It appears from a comparative law study that the Dutch system has not been unique in the abovementioned respects for some time; other countries, for example, (now) also have an extensive treaty network and a participation exemption.
Moreover, in recent years, the Netherlands has taken and announced several measures that make certain types of flows less attractive. For example, a conditional withholding tax on interest and royalties was introduced in 2021, the ruling practice was tightened on July 1, 2019 and the Netherlands is striving to ensure that all tax treaties include a Principal Purpose Test (hereinafter: PPT; an anti-abuse provision). The effects of many of these measures are not yet visible in the statistics, but should be in the coming years.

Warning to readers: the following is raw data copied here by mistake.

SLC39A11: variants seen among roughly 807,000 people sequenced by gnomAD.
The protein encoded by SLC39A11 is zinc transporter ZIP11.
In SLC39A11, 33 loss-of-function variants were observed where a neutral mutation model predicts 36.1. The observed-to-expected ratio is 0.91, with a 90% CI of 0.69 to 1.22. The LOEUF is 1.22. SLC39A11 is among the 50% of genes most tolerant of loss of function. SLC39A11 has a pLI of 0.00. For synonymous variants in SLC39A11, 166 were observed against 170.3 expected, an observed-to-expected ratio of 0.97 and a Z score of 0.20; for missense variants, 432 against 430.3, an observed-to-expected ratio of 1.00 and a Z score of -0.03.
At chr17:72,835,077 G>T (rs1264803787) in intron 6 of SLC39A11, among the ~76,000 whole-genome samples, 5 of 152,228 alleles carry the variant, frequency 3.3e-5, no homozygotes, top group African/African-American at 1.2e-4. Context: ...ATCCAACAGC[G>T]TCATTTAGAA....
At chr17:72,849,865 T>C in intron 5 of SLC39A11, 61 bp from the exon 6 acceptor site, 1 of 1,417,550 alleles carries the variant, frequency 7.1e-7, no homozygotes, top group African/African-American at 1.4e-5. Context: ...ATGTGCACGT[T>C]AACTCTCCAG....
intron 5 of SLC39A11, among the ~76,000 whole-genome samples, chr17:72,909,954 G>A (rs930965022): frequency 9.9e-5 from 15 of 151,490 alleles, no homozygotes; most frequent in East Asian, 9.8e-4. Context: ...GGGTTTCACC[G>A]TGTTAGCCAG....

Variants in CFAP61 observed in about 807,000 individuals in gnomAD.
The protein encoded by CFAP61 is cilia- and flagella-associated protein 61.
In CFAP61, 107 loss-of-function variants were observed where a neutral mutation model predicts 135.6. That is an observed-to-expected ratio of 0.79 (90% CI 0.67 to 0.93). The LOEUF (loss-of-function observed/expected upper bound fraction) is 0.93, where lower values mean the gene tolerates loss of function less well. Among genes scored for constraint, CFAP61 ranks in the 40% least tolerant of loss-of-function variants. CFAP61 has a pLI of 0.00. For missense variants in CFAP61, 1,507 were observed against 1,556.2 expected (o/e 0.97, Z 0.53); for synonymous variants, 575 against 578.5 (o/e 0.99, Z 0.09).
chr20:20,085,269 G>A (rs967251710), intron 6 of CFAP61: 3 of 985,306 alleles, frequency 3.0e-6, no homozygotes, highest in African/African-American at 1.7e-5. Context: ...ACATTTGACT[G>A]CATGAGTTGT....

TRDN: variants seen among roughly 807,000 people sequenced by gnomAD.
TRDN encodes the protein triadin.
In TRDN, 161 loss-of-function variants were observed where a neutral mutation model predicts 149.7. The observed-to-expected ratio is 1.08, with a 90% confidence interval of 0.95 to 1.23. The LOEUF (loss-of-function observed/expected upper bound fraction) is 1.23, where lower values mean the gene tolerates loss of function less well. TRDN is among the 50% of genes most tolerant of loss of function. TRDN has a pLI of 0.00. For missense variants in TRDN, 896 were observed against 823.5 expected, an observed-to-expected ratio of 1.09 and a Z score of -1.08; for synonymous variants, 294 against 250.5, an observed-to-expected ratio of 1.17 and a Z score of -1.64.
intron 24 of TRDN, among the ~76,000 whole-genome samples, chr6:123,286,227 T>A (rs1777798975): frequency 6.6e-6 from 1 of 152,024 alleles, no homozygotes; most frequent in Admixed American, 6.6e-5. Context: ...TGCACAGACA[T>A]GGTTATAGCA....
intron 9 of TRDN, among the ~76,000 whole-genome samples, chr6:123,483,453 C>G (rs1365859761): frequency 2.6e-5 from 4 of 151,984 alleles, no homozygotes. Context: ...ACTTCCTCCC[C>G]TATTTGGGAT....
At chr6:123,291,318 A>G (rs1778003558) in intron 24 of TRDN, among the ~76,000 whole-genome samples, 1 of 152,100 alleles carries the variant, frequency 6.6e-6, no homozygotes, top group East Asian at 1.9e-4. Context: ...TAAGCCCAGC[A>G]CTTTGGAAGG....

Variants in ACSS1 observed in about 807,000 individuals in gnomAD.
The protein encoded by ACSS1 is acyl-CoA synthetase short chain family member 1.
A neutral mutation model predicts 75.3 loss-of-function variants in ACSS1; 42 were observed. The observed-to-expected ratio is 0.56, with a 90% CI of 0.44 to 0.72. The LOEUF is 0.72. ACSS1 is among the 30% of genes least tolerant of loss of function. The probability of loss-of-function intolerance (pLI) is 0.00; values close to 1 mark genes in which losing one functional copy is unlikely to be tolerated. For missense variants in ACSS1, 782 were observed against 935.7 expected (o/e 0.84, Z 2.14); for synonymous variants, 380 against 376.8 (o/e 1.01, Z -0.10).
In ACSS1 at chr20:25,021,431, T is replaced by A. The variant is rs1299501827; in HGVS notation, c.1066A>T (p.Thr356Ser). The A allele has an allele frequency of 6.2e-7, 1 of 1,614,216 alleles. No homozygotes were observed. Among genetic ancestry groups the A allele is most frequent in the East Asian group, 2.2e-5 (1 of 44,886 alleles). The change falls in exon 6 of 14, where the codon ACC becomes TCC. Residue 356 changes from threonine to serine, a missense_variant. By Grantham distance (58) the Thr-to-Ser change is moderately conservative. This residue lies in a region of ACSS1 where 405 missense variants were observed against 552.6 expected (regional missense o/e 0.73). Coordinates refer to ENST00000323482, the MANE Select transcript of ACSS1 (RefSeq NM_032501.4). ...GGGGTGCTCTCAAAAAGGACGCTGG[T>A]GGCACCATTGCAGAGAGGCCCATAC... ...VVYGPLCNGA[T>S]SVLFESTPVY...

The Committee concludes that ‘policy stacking’ has occurred to a certain extent, while the effects of the measures taken are still unclear to a great extent, partly because the relevant figures only become available after a number of years. Furthermore, the Committee notes that internationally there is also much to be done in terms of combating tax avoidance through the use of conduit companies. Therefore, the Committee takes the position that it is wise to closely monitor the effects of the (tax) measures already taken and the outcome of the international tax negotiations. The Committee also recommends that the Netherlands adopt a constructive and, where possible, initiating attitude towards current international initiatives.
That is not to say that there is no room for improvement. However, some of the recommendations carry risks under EU law. The Committee therefore sees all the more reason to settle these matters in the soon to be expected European initiative against conduit companies.
Read the full report here.